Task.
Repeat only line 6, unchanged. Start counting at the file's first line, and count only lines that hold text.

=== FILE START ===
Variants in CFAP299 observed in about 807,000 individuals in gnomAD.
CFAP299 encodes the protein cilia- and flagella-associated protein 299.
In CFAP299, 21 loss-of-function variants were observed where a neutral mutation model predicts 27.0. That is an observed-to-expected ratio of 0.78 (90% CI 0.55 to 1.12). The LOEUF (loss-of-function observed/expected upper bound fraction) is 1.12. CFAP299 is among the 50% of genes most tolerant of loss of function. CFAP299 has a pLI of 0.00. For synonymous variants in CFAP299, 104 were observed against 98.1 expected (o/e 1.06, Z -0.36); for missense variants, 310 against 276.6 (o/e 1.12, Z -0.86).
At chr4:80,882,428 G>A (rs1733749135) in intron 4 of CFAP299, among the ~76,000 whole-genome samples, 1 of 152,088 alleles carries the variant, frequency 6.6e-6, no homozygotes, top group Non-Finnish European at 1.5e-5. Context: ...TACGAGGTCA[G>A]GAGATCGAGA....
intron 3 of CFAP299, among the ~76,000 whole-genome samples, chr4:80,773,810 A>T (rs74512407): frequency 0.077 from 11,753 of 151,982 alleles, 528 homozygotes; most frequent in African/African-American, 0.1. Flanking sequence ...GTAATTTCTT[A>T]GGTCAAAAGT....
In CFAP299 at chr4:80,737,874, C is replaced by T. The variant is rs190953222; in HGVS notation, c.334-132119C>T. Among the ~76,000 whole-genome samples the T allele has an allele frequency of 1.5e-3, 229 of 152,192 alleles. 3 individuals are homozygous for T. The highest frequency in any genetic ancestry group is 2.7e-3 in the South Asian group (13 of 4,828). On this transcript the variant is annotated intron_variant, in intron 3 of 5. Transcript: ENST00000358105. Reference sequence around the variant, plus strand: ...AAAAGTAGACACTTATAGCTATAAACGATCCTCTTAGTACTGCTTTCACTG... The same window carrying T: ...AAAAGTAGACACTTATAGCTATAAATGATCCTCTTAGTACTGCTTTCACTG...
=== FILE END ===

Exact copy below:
In CFAP299 at chr4:80,737,874, C is replaced by T. The variant is rs190953222; in HGVS notation, c.334-132119C>T. Among the ~76,000 whole-genome samples the T allele has an allele frequency of 1.5e-3, 229 of 152,192 alleles. 3 individuals are homozygous for T. The highest frequency in any genetic ancestry group is 2.7e-3 in the South Asian group (13 of 4,828). On this transcript the variant is annotated intron_variant, in intron 3 of 5. Transcript: ENST00000358105. Reference sequence around the variant, plus strand: ...AAAAGTAGACACTTATAGCTATAAACGATCCTCTTAGTACTGCTTTCACTG... The same window carrying T: ...AAAAGTAGACACTTATAGCTATAAATGATCCTCTTAGTACTGCTTTCACTG...